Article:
? Bryndzov? haluisky (small potato dumplings with sheep's cheese).
? Mutton with sauerkraut (flavored with prunes, mushrooms and apples).
? Cabbage leaves filled with minced meat (served with a milky sauce).
? Sulance (potato dough turnovers filled with plum jam). National drinks
? Borovicka (strong gin).
? Slivovica (plum brandy).
A 5 to 10 per cent tip is usual.
Theater and opera are of a high standard. Much of the nightlife takes place in hotels, although nightclubs are to be found in major cities.
* Please see passport section
Passport valid for at least three months beyond length of stay required by all except:
(a)1. EU/EEA nationals (EU + Iceland, Liechtenstein, Norway) and Swiss nationals holding a valid national ID card.
Note: EU and EEA nationals are only required to produce evidence of their EU/EEA nationality and identity in order to be admitted to any EU/EEA Member State. This evidence can take the form of a valid national passport or national identity card. Either is acceptable. Possession of a return ticket, any length of validity on their document, sufficient funds for the length of their proposed visit should not be imposed.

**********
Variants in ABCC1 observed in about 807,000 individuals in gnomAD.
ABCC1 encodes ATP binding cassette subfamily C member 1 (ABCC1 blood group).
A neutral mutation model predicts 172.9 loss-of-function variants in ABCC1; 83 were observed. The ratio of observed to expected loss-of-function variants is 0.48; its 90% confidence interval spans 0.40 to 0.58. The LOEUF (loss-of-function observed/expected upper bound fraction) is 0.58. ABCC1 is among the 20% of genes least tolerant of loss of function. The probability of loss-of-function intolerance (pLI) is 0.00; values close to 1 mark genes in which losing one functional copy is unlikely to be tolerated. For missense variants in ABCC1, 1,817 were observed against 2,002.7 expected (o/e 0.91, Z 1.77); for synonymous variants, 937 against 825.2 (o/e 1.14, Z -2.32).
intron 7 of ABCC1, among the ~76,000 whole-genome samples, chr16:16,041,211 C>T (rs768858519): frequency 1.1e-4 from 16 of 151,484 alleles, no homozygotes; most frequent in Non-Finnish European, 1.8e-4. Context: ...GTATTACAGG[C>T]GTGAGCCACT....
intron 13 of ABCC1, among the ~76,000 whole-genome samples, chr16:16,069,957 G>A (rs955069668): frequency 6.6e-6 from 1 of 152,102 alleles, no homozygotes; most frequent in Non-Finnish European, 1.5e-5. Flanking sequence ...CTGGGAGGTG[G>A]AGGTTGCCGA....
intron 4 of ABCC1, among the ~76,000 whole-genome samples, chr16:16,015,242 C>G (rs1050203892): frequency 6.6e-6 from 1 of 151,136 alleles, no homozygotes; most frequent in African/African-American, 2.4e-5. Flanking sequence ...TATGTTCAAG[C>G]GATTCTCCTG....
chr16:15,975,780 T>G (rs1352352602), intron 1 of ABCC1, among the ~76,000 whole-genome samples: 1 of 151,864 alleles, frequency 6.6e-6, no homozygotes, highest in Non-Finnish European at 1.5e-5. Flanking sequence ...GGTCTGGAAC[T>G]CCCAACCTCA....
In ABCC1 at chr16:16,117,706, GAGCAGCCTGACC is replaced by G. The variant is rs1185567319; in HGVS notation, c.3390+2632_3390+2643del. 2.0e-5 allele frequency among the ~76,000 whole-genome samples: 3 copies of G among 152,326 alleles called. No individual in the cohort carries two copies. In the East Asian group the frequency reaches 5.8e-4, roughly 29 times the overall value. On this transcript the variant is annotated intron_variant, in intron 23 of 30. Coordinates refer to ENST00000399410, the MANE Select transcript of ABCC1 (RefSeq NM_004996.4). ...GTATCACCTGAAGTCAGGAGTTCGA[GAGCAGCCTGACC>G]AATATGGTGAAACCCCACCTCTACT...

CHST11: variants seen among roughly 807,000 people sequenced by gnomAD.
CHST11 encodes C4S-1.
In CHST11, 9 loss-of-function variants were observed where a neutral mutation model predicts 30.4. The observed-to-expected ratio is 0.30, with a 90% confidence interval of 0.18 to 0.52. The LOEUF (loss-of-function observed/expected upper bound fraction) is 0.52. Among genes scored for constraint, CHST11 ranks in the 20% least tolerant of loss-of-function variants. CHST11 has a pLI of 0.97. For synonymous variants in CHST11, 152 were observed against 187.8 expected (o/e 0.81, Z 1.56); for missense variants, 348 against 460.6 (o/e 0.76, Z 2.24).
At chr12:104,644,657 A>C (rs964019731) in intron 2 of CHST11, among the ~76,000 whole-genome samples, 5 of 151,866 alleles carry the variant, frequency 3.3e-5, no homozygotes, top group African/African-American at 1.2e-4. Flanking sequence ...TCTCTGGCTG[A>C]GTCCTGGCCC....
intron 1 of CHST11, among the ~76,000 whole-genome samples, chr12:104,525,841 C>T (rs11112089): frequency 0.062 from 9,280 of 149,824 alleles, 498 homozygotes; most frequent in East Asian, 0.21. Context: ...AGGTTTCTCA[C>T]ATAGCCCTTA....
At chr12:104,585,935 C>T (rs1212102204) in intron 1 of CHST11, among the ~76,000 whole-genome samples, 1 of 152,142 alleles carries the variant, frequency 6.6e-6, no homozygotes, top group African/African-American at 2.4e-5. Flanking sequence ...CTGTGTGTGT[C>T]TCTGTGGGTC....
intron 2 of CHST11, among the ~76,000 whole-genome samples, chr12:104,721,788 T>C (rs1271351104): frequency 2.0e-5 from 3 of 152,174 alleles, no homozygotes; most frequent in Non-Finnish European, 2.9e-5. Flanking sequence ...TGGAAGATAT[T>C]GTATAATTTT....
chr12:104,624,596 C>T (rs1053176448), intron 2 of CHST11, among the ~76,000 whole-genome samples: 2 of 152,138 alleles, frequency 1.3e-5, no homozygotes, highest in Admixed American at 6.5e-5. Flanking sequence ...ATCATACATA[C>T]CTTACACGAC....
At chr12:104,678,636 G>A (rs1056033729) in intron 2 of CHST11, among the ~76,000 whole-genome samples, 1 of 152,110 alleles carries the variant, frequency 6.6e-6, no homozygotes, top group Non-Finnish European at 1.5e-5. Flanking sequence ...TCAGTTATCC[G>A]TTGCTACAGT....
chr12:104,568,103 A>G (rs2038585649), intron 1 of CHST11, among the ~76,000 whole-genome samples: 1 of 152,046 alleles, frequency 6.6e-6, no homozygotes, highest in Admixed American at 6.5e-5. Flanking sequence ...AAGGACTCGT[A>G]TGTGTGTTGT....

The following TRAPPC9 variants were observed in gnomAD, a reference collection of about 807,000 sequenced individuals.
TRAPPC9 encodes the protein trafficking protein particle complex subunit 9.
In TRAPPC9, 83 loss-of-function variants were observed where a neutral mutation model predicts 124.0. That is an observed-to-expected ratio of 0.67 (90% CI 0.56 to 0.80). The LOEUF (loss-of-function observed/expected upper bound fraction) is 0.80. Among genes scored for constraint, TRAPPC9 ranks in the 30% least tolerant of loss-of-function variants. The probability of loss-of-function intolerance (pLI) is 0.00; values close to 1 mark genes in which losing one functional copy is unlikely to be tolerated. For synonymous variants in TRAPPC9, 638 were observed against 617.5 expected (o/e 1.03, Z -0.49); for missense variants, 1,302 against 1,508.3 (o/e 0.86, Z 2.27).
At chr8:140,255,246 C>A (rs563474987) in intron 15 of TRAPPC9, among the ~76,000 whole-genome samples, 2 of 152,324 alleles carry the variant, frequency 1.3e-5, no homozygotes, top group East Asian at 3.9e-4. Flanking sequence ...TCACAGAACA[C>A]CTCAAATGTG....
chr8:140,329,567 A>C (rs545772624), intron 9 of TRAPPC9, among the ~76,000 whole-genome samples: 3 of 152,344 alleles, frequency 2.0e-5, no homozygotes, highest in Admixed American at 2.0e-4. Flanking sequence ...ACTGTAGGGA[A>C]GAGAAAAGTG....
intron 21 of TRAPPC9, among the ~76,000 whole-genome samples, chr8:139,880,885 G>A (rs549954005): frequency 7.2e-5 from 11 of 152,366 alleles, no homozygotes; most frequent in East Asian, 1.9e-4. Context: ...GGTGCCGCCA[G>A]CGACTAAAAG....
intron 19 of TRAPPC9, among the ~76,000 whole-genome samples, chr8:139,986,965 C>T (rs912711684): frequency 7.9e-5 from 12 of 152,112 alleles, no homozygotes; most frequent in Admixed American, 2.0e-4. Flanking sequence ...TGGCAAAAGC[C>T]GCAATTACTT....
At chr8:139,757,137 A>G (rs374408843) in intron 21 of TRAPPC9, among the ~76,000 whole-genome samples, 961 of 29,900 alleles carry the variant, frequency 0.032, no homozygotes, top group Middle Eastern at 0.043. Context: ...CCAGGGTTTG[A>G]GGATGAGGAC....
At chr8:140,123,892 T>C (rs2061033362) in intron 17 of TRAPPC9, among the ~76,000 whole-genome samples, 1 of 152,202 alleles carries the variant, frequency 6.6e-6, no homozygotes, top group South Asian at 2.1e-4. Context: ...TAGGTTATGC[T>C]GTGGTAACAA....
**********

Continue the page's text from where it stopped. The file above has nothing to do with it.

(b) nationals of Croatia holding a valid national ID card.
Required by all except the following:
(a) EU nationals, nationals referred to in the chart above for stays of up to 90 days for tourist or transit purposes only (except full British passport holders, who also do not need visas for business purposes for an indefinite period);
(b) nationals of Andorra, Argentina, Aruba, Brazil, Brunei, Chile, El Salvador, Guatemala, Honduras, Hong Kong (SAR), Israel, Korea (Rep), Macau, Malaysia, Mexico, New Zealand, Nicaragua, Panama, Paraguay, Singapore, Switzerland, the Netherlands Antilles, Uruguay and Venezuela for stays of up to 90 days;
(c) nationals of Monaco for stays of up to three months;